artxiboak: ‘Blog’


iScience @ Introduction Week of the Department of Psychology, University of Konstanz

“The beginning is the most important part of the work.” – That’s not just an inspirational quote of Plato, but also true when it comes to starting your first day as a freshman at a university. To make this most important part of the work more comfortable for you, iScience participated in the Introduction Week of the Department of Psychology, University of Konstanz. On Friday, October 18, we presented our group’s classes, research topics, and ways to contact us and discussed organizational questions with the excited student crowd.

Thanks for joining! Follow us on Social Media for constant updates:

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Blog entry: John Caffier


Visit from California at our VR research exploration workshop

Today, at our iScience Virtual Reality research exploration workshop, we had a visit of friends from California: Jen Mulcaster, Abby Porter and Ken Porter. Ken is a Palo Alto native, Berliner, and long term Silicon Valley insider; Jen was the former Netscape international manager and is an Apple fan today. Abby Porter is 15 years old and goes to school. They are living in Mountain View, California. Take a look at the impressions of our whole iScience team discovering new software at our VR workshop and find out in the interview with Jen, Abby, and Ken about the things that changed in Silicon Valley during the past ten years.

 

Hello, nice to have you here! Is it your first visit to Konstanz? What are your first impressions of Konstanz?

Jen: Yes, this is my first visit. So my impression is that it’s beautiful and very green. It’s a lovely town.

Ken: Yes, my first visit. It seems very bike-friendly! I noticed many bike paths.

What do you think, what‘s the most significant difference between California and Southern Germany?

Jen: Well, we haven’t been here very long. It’s only been a day, not even. Almost a day. So I don’t have a great amount of data for assessment. But I think, for one thing, it’s hot! The lake is very nice; we went swimming yesterday. It was beautiful! People are relaxed and enjoying themselves, and it feels like summer. Also, very casual, California sometimes can be a little bit faster-paced, where we are from.

Ken: The pace of life seems a lot faster in Silicon Valley versus here. Just on the surface. That’s a big difference.

What did change in Silicon Valley in the past decade?

Jen: Wow, so much. A lot! More traffic, more people interested in working long hours. But the curiosity is always still there, the interest in technology, everyone is doing their best to create the best ideas. Everything just a little more competitive than it was ten years ago.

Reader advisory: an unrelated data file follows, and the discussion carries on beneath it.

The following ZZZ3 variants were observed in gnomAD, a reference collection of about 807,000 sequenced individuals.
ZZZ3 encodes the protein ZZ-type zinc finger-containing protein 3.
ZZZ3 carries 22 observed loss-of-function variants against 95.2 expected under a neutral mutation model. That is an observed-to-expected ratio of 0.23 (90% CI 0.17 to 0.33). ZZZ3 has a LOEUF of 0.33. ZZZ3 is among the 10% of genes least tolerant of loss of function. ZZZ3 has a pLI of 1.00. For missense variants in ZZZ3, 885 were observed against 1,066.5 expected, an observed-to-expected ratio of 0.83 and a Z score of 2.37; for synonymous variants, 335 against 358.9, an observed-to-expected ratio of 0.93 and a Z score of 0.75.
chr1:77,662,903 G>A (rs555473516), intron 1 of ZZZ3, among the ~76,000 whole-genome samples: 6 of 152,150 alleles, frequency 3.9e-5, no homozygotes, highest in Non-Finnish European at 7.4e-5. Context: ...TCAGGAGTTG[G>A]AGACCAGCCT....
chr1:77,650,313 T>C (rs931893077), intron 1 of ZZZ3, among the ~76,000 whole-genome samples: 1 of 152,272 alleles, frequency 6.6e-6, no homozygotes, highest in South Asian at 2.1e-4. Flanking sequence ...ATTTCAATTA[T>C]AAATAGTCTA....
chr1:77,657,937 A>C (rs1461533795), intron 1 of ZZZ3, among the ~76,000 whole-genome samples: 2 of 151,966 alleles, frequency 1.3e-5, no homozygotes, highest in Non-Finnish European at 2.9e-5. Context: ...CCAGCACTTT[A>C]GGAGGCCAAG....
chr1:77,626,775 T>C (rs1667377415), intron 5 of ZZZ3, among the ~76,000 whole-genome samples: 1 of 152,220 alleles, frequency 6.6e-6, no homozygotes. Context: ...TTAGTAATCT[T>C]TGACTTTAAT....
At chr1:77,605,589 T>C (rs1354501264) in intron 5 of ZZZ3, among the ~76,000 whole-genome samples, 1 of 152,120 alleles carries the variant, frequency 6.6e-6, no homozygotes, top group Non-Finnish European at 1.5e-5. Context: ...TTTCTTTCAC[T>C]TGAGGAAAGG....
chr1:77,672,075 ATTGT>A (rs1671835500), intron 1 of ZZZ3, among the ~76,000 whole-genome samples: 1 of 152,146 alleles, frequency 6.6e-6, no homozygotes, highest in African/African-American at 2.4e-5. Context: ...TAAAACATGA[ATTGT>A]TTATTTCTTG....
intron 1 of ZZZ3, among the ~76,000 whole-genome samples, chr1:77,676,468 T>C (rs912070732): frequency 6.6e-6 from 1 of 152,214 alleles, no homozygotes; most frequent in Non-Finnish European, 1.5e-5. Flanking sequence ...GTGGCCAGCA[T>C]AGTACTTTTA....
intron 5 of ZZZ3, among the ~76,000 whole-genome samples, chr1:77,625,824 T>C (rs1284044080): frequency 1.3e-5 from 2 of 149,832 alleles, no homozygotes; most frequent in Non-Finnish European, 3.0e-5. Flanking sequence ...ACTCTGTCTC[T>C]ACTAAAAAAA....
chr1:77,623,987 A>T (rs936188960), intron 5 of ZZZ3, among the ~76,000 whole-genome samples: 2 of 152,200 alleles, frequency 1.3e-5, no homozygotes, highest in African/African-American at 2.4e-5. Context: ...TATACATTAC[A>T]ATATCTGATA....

Ken: I think the pace has gotten faster. There is also the social-economic differences; there is a more significant gap between lower-income and higher income. That gap has gotten wider in the last ten years. People in service-related jobs, it’s difficult for them to find a living space for them in the area. Ten years ago, it was easier.

Jen: Yeah, the cost of living – both rent and buying home – has doubled. In ten years! Also, a difference, we have more ethnic diversity in California than here!

Is this your first time using VR applications? 

Ken: No, but my VR experiences are limited. Mostly to using those cardboard “goggles” designed for use with iPhones.

Abby: I have used VR a few times before, when I was 12 we used it in school to do a virtual heart dissection, and my friend has a VR video game at his house that I’ve used. I think VR is an incredible tool that can be applied in so many ways. It’s a very useful resource that allows you to immerse yourself in an alternate reality, it’s amazing.

What do you think about VR?

Ken: I think it’s great! I think there’s a great opportunity to use VR for educational and training purposes as well as fun. One concern is with violence in VR video games. I believe this is something, overtime, that can impact people’s behavior in a negative way. Our world is already a violent place, we don’t need applications that continue to reinforce and expand violence in societies.

What do you expect from VR and digital applications in general for the future?